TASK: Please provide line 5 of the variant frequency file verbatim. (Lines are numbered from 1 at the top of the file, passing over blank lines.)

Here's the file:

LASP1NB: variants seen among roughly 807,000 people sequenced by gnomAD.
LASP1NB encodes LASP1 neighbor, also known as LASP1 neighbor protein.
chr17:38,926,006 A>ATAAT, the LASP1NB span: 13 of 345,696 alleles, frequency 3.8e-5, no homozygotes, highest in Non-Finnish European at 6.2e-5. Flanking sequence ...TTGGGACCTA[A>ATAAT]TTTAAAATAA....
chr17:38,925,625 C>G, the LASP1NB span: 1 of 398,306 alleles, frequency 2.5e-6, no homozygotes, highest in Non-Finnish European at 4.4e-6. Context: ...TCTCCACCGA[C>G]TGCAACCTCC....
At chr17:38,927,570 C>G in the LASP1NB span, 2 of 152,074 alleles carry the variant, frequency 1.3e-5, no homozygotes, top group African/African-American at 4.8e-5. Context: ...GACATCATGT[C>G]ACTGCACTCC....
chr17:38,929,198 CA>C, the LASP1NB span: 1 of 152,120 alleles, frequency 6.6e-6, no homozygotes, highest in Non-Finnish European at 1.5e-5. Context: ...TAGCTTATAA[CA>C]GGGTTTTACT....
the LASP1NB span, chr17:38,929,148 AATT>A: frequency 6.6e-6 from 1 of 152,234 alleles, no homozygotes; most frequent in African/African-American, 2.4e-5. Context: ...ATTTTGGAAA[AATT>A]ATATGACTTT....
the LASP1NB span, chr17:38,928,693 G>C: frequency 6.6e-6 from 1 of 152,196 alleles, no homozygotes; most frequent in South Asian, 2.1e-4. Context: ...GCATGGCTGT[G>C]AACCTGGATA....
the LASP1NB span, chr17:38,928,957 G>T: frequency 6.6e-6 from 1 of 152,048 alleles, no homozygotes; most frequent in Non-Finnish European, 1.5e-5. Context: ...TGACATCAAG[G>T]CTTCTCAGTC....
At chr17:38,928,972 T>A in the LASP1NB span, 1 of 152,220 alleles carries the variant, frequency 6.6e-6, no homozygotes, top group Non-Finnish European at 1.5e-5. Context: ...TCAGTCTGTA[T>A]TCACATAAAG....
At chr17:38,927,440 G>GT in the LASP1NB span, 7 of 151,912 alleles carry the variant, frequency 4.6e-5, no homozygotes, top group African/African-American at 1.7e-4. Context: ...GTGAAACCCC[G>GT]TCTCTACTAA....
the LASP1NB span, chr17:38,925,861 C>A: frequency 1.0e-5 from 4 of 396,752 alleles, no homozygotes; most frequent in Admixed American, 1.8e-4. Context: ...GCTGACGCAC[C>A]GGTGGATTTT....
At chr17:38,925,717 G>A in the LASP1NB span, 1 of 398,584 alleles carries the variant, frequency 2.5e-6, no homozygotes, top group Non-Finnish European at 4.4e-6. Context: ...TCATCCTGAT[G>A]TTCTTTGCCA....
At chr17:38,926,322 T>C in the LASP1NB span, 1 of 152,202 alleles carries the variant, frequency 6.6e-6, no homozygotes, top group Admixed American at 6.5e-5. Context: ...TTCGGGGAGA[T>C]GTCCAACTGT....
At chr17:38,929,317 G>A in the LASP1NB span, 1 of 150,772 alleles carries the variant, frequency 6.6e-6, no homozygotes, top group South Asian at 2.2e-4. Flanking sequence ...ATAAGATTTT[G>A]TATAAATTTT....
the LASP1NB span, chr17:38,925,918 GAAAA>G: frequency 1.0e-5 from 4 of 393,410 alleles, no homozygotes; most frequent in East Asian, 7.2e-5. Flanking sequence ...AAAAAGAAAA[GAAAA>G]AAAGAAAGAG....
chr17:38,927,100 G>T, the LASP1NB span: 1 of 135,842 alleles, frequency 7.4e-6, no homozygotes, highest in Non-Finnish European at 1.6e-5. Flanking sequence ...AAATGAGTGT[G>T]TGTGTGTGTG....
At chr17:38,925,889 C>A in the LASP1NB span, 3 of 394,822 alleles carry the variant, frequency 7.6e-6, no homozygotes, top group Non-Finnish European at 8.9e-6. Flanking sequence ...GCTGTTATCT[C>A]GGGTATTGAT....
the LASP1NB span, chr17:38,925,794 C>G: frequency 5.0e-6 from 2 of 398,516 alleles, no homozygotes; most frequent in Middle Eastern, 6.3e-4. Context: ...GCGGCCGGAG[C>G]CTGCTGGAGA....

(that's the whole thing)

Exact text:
At chr17:38,927,570 C>G in the LASP1NB span, 2 of 152,074 alleles carry the variant, frequency 1.3e-5, no homozygotes, top group African/African-American at 4.8e-5. Context: ...GACATCATGT[C>G]ACTGCACTCC....